Associated SC10 Beginner's Buying Guide has put together a buying guide that explains exactly what you need to race or bash the Associated SC10! MORE HERE

SC10 RTR vs SC10 Kit

In most situations, we believe everyone should buy and build their own SC10 Kit. Ready-To-Run's (RTRs) are nice if you want instant gratification, but building a kit sets you up for long-term success. When building your kit, you will learn the intricacies of your vehicle - replacing, repairing, and rebuilding your SC10. While you can always rely on your LHS to help with repairs, you don’t want to be clueless when the LHS is unavailable.

Most local hobby shops prefer to sell the RTR versions, mostly because they can offer more competitive prices and they are easier to sell to someone new to RC. The problem is that RTR's allow you to skip the valuable learning experience of building a kit. If you don't think you will enjoy building your RC car, then this sport may not be for you. Repairs and maintenance are large part of RC and someone who dreads taking apart and rebuilding their Truck will lose interest quickly.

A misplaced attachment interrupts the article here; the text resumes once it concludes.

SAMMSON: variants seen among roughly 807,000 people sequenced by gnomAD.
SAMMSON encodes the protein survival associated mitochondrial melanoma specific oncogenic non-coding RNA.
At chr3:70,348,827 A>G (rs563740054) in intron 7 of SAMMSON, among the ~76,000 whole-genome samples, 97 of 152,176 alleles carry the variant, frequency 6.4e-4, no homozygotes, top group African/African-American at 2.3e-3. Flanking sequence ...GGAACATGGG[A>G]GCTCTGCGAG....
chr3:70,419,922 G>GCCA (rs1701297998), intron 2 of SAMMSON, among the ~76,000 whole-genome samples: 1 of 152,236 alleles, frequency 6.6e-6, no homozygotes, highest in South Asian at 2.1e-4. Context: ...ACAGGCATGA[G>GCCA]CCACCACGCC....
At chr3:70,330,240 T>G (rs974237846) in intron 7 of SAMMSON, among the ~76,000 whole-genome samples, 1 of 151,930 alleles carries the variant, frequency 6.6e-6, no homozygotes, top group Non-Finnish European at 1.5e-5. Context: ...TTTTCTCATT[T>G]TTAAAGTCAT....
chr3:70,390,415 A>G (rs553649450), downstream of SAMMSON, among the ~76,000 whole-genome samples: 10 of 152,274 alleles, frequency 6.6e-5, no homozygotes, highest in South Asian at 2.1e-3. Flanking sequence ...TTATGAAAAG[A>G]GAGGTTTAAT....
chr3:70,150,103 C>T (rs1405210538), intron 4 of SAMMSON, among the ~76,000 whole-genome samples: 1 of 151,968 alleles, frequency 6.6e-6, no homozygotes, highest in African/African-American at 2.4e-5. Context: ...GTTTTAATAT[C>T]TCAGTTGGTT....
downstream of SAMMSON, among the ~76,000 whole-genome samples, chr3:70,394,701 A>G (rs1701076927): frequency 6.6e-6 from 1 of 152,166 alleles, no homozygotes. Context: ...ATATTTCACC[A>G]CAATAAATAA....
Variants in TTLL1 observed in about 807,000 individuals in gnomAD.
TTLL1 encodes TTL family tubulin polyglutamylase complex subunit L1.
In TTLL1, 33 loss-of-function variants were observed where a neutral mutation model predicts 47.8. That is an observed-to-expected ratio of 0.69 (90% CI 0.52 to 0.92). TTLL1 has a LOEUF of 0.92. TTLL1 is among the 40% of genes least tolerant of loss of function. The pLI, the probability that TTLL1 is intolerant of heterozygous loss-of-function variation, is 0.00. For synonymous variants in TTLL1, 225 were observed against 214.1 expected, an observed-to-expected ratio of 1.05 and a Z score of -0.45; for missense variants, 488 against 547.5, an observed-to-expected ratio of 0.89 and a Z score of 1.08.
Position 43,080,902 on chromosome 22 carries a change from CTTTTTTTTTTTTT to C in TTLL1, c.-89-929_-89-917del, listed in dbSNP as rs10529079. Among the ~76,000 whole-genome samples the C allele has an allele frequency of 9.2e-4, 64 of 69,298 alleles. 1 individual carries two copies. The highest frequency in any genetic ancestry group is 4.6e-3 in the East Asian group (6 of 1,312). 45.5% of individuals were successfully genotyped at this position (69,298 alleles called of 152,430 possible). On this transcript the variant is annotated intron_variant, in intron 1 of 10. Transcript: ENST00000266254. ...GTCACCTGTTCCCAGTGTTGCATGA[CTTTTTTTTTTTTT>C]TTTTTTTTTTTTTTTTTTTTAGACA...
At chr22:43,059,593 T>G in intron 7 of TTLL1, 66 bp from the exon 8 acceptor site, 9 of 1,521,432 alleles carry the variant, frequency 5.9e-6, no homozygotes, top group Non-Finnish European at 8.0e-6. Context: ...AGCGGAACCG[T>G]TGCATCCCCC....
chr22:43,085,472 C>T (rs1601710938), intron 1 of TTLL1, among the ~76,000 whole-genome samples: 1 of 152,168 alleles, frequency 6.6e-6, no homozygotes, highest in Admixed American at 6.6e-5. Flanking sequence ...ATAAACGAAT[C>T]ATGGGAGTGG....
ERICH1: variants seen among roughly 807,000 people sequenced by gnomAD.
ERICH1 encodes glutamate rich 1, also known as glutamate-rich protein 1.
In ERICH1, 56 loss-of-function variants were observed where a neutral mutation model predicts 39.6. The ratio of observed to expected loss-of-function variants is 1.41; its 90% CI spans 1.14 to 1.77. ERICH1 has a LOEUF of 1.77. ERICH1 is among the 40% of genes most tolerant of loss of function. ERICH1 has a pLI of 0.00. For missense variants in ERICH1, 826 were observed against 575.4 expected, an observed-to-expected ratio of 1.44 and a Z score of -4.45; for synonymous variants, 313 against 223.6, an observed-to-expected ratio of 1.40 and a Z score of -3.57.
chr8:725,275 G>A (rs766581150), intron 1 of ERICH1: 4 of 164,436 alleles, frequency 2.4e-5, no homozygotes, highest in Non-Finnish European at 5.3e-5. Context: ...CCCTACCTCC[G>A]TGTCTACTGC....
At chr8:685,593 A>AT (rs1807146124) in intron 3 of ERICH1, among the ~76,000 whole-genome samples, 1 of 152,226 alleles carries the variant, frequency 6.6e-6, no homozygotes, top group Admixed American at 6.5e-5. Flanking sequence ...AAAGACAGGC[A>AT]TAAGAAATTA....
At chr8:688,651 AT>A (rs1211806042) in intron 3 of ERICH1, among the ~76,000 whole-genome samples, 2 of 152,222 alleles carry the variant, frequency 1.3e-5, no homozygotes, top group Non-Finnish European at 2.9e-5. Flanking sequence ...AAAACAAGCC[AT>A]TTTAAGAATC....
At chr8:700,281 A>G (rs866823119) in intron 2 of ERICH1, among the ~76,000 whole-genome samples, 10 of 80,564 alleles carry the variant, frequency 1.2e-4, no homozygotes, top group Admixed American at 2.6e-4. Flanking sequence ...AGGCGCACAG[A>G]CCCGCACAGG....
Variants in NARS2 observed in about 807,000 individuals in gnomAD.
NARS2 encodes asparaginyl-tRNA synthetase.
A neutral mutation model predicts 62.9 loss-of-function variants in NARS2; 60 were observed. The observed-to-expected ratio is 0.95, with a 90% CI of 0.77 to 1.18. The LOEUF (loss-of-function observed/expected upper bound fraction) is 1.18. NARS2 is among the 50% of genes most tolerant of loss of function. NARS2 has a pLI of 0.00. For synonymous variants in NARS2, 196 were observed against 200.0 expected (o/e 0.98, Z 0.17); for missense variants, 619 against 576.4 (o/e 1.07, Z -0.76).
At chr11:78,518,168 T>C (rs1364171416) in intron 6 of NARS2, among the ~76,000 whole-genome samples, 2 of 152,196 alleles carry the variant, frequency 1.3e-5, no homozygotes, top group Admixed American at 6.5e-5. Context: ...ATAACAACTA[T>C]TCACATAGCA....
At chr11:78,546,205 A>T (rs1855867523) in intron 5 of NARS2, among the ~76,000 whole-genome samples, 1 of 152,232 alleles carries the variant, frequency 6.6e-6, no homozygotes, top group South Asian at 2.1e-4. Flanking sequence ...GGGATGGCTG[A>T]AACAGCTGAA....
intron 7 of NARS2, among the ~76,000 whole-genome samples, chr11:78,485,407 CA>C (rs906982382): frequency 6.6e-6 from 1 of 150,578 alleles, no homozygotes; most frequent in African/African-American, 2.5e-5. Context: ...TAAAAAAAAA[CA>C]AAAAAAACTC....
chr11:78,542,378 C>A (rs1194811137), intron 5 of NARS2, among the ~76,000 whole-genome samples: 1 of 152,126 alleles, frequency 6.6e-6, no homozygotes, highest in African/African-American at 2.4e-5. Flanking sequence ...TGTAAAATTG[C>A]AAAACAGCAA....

The one reason you should buy a SC10 RTR is for the cost savings. RTR's bundle multiple products together (vehicle, controller, ESC, motor, etc.) making them cheaper than buying separately. However, RTR kits usually come with cheaper accessories than could be bought separately. If you are on a budget, then the SC10 RTR version will get you on the track for less cash.

Overall, buying a SC10 Kit (if you can afford it) and building your SC10 will provide you with a better performing truck, as well as the knowledge to tune and repair your SC10.

View our SC10 Beginner's Buying Guide for our suggestions and pricing on solid SC10 setups (RTR and Kit).

SC10 Brushless RTR - $259.95
You need: Battery pack, Charger, and AA batteries for radio - See Buying Guide

SC10 Truck Kit - 169.95
You need: Radio system, ESC, Motor, Battery pack, Charger - See Buying Guide